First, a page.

The consensus at the end of the 20th century seemed to be that simulation was the new default paradigm, a concept and technological mode that was at once aesthetic, philosophical, social, and political. Metaphysical questions about ‘the real’ were pervasive, as was the newly urgent questioning about how it might be instantiated, or even protected. For some audiences, The Matrix offered the clearest articulation of the classical problem: how do we know we are not living in a construct, or a cave, that is governed by external forces outside of our control? Narratives about the puncturing of this illusion—we might even say “consensual hallucination” (William Gibson)—thus became ubiquitous, and we were continually taken to the edge of the abyss and shown the circuitry that makes up our world, alerted to the glitch, awakened from the dream, and welcomed to “the desert of the real.”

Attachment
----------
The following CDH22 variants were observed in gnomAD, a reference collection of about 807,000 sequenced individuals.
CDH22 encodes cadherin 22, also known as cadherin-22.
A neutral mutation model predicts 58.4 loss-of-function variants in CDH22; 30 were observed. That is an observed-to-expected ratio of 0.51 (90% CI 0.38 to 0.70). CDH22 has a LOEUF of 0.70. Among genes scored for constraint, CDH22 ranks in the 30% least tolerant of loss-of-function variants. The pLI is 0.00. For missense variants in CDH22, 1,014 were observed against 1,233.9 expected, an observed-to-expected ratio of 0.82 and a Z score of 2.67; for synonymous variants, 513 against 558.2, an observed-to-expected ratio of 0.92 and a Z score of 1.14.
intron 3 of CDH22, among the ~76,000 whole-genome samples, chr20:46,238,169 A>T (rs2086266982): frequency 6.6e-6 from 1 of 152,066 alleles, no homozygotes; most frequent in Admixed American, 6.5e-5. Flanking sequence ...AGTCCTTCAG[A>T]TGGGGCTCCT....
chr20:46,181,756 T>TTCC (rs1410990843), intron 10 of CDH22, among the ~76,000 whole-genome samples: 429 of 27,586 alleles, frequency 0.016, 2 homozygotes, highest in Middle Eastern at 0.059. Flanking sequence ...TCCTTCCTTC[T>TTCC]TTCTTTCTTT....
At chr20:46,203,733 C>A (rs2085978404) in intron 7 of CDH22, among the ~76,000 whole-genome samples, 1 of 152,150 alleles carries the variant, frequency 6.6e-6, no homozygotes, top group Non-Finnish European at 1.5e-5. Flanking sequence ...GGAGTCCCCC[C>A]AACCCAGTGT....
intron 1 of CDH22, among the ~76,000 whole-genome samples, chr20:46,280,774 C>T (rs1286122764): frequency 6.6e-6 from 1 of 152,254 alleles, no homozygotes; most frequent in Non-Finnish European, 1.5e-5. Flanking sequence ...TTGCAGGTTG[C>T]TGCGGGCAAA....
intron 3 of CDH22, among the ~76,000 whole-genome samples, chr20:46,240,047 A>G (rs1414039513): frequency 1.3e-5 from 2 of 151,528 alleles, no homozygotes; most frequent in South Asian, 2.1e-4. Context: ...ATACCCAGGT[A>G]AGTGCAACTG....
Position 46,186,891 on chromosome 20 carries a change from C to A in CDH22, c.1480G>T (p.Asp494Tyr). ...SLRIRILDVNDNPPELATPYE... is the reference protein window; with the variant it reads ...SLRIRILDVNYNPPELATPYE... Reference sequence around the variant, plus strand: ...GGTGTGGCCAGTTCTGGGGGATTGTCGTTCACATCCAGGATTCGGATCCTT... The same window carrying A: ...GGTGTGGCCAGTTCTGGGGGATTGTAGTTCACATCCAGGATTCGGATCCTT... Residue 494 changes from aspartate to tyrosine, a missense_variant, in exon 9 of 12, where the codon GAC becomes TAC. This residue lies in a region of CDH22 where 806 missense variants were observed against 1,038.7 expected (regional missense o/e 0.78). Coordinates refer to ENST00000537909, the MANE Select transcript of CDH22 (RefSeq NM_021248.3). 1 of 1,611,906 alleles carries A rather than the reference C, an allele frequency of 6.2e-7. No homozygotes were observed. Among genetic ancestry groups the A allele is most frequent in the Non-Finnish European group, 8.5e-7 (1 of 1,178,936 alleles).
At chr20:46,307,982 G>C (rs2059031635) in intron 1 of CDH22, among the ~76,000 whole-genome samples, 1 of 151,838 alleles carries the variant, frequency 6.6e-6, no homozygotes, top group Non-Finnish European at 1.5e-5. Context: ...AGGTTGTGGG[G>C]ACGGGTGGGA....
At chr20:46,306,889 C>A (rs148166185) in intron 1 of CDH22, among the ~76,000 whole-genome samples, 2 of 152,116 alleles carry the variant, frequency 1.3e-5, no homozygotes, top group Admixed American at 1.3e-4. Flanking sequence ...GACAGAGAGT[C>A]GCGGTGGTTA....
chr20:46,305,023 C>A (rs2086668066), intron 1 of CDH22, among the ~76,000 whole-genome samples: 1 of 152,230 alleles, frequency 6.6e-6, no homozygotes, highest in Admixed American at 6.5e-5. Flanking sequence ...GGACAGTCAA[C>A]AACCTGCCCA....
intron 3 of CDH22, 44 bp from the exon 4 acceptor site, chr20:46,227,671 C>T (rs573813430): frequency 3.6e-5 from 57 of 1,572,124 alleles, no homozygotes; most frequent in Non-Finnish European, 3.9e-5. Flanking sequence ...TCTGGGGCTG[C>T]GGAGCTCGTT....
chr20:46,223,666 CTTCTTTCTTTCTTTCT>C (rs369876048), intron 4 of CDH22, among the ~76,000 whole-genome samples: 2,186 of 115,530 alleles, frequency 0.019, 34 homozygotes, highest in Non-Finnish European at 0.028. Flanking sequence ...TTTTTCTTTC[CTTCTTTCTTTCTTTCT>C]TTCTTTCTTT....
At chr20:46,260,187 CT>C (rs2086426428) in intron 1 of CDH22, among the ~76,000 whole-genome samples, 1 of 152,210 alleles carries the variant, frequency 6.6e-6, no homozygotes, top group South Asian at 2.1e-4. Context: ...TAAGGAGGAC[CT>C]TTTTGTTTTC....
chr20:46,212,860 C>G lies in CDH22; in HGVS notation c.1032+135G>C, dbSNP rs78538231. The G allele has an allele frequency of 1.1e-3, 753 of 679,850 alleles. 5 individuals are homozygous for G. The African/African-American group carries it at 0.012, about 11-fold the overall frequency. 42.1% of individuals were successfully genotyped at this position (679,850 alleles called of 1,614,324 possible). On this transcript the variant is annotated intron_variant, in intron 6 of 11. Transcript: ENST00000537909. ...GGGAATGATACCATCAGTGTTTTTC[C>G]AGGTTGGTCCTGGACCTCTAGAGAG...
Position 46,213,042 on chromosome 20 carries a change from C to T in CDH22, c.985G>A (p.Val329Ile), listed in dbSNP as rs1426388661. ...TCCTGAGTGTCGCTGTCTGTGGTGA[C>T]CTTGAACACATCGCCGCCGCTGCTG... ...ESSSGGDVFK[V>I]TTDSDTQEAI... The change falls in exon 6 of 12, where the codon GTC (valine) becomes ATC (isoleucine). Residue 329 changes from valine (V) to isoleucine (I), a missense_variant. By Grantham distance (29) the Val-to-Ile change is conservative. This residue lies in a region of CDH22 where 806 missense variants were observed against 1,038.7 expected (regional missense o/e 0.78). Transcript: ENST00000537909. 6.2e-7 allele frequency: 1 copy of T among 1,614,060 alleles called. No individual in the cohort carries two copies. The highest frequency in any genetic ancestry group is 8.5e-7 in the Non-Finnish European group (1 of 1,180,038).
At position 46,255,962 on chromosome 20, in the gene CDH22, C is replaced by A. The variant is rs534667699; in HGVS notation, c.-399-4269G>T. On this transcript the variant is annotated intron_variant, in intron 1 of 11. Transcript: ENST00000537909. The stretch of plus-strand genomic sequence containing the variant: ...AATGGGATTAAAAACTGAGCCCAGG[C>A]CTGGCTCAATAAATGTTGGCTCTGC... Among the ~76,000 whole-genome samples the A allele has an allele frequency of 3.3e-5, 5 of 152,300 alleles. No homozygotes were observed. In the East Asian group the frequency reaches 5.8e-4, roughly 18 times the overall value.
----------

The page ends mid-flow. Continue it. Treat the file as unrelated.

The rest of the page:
The questions then, for our moment, are these: how do we understand the concepts of the real and virtual in the context of what is arguably a radically different technological environment, in the era of not just “deep fakes” but also “fake news”? How do we understand the myth of awakening (taking the red pill) in the new moment of paranoia and conspiracy? What is the status and function of immersive fantasy and storytelling? What is meant by liveness and immediacy and what is their cultural value? How, in short, do we understand simulation now?
Course material will include science fiction, philosophy, media theory, film, and anime. Themes and topics include the hyperreal, immersion, surrogacy, reenactments, gaming, training exercises, avatars, synthetic worlds, parallel worlds, computer simulations, modeling, and GANs (generative adversarial networks).